Getting down to business with the ‘NewsHour’s’ Paul Solman

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Reflecting on his time as a cab driver in Cambridge, Mass., years ago, Paul Solman, business and economics correspondent for “The NewsHour with Jim Lehrer,” believes the job taught him the “relationship between work and pay.” The experience also gave him quite a bit of insight into how businesspeople think. He told Consumers Digest that he discovered how to earn more by manning certain cab stands at certain times of the day and that he learned other strategies to maximize his pay. Operating a taxi also clued him in to how intrigued he naturally was to the basics of economics.

When it comes to explaining his personal investment stance, this six-time Emmy award winner mentions psychiatrist George Ainslie’s book “Breakdown of Will.” The book’s premise, Solman says, is that there’s a competing group of “Pauls” within him—one that will take that piece of pizza if offered and another who knows he shouldn’t. The longer term goal of a healthy diet is more important, but short-term temptations are hard to resist.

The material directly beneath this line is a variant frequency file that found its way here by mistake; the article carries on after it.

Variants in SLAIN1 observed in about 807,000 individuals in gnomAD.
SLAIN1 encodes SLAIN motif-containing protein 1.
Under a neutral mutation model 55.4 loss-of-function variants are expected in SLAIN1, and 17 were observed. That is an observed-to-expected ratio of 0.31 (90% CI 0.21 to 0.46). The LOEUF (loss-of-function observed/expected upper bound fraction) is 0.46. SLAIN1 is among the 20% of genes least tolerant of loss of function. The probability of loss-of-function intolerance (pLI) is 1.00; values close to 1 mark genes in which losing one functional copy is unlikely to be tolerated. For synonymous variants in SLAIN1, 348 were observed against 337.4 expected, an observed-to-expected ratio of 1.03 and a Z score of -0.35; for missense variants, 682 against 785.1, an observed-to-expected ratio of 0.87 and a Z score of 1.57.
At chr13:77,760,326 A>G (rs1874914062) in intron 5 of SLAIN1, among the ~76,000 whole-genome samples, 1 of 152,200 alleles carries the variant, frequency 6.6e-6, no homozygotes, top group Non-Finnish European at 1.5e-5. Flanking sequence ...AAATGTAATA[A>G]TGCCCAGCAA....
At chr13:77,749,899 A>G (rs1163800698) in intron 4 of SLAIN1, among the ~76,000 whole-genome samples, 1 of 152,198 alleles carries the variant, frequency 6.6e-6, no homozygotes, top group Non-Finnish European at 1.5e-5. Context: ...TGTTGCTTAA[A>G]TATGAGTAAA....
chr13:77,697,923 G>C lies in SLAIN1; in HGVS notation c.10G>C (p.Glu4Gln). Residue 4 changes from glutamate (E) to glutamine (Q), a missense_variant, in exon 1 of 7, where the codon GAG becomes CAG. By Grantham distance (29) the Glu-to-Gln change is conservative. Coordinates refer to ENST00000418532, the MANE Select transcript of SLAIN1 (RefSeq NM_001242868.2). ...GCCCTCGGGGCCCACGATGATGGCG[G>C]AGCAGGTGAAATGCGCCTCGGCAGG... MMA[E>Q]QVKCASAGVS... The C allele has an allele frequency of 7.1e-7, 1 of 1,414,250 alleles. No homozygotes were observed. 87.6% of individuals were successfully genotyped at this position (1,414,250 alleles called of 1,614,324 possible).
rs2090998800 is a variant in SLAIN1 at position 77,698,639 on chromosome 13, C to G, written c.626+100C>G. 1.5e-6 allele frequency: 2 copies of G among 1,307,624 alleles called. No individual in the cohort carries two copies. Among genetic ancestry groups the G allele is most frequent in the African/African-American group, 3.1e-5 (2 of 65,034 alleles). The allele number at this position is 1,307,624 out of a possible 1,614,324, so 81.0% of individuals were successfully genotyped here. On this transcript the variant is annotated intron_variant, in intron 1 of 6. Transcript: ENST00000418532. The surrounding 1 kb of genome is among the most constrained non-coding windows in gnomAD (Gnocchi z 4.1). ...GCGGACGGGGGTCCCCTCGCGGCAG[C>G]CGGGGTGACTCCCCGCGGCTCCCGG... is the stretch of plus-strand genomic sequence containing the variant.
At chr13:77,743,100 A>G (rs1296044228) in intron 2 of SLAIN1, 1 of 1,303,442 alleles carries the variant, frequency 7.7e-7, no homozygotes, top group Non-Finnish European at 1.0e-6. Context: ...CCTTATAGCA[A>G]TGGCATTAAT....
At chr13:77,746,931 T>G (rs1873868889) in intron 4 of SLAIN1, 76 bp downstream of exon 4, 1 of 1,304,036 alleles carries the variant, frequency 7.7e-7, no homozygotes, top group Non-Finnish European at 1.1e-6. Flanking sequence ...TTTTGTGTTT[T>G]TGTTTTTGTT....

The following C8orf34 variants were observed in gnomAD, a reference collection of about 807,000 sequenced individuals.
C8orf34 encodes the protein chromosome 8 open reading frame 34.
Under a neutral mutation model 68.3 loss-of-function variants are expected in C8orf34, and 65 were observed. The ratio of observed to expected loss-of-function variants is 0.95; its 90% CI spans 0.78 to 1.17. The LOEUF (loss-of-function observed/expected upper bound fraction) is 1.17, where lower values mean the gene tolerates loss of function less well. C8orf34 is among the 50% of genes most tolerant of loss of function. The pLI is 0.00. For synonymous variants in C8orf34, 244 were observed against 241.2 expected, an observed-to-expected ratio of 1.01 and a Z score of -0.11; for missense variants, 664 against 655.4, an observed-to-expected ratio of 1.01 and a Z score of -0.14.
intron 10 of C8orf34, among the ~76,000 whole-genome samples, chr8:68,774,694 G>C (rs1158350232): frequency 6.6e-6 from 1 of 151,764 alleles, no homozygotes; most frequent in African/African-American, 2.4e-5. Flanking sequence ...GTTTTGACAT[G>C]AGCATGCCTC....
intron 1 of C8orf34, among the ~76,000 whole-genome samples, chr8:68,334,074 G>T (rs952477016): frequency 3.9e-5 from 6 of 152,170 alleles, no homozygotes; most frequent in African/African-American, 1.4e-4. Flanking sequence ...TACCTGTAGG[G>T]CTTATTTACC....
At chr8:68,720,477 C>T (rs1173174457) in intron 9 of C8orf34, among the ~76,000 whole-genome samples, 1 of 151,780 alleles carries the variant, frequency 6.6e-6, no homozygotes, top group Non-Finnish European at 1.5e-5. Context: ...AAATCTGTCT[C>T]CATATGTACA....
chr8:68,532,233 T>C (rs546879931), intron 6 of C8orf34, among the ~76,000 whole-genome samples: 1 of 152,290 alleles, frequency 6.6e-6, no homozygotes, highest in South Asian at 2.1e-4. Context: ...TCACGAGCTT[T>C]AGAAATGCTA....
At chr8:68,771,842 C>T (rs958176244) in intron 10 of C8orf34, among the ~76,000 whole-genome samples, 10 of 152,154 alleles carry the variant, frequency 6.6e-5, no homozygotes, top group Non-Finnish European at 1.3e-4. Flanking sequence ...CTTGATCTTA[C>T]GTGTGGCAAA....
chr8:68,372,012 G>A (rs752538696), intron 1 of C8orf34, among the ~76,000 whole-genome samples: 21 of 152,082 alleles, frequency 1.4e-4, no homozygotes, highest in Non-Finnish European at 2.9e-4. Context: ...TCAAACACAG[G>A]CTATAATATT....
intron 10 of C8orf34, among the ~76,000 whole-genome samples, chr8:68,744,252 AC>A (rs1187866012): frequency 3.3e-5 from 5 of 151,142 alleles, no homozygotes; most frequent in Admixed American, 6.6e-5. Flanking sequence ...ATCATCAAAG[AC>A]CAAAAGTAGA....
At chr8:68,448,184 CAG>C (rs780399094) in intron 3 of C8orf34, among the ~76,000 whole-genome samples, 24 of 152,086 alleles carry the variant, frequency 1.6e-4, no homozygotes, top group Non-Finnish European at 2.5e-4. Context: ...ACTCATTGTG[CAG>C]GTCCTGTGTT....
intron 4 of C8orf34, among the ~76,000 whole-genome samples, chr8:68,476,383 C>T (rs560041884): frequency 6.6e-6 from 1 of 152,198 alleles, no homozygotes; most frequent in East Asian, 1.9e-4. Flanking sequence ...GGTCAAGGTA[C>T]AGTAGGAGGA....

Solman believes in the lure of immediate gratification, and that’s why he thinks that investors sell in a panic when the market falls rather than sticking with their long-term plan. Understanding this and his own panicky nature, Solman has protected his savings by thoroughly diversifying. He believes this puts him in a situation where he can easily resist temptation no matter what happens. One-third of his savings are in Treasury inflation-protected securities and I-bonds. Thirteen percent of his portfolio is in art, mostly European, which serves as a hedge against the falling dollar (as well as a way to enjoy an investment, he points out).

He has targeted 19 percent of his portfolio at foreign stock mutual funds, and 12 percent is split between two U.S. stock mutual funds. The remainder: 9 percent in a foreign-bond mutual fund; 6 percent in a Treasury bond mutual fund; 3 percent in money markets and T-bills; 3 percent in a U.S. bank account that has the money invested in Chinese currency; and 2 percent in a traditional U.S. bank account.

S. Berg